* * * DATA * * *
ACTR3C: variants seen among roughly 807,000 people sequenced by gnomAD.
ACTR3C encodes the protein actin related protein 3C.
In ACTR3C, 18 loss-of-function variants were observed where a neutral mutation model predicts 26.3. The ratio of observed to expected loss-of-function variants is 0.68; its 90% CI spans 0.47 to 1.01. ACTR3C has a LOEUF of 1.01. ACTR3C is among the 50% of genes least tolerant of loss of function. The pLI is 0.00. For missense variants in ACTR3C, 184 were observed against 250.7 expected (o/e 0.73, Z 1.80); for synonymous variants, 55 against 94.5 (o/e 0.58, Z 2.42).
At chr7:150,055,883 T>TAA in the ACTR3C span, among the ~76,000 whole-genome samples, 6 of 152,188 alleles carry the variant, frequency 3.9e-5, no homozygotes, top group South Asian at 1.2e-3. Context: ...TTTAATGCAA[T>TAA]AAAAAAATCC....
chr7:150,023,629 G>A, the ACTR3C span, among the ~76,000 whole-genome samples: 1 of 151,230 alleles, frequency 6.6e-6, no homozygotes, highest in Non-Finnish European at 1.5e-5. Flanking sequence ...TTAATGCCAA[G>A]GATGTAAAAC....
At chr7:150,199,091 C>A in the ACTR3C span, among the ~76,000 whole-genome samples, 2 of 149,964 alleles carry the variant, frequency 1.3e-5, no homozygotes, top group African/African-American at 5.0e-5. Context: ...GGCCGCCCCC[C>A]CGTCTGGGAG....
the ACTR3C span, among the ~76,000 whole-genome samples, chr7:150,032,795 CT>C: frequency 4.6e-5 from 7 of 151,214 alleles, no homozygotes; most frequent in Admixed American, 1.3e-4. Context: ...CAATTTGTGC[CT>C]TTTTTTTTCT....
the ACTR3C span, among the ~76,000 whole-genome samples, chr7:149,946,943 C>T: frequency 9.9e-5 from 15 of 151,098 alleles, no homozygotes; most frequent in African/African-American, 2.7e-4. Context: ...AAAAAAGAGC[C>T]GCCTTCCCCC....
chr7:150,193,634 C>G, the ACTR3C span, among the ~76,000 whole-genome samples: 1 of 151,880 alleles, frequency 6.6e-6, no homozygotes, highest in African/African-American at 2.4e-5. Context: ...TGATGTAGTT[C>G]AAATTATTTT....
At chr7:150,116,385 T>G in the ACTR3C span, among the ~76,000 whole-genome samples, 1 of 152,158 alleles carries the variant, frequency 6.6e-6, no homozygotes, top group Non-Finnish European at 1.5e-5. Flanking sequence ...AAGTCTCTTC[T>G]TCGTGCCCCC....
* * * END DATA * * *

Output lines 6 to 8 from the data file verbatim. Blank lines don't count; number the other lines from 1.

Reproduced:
At chr7:150,199,091 C>A in the ACTR3C span, among the ~76,000 whole-genome samples, 2 of 149,964 alleles carry the variant, frequency 1.3e-5, no homozygotes, top group African/African-American at 5.0e-5. Context: ...GGCCGCCCCC[C>A]CGTCTGGGAG....
the ACTR3C span, among the ~76,000 whole-genome samples, chr7:150,032,795 CT>C: frequency 4.6e-5 from 7 of 151,214 alleles, no homozygotes; most frequent in Admixed American, 1.3e-4. Context: ...CAATTTGTGC[CT>C]TTTTTTTTCT....
the ACTR3C span, among the ~76,000 whole-genome samples, chr7:149,946,943 C>T: frequency 9.9e-5 from 15 of 151,098 alleles, no homozygotes; most frequent in African/African-American, 2.7e-4. Context: ...AAAAAAGAGC[C>T]GCCTTCCCCC....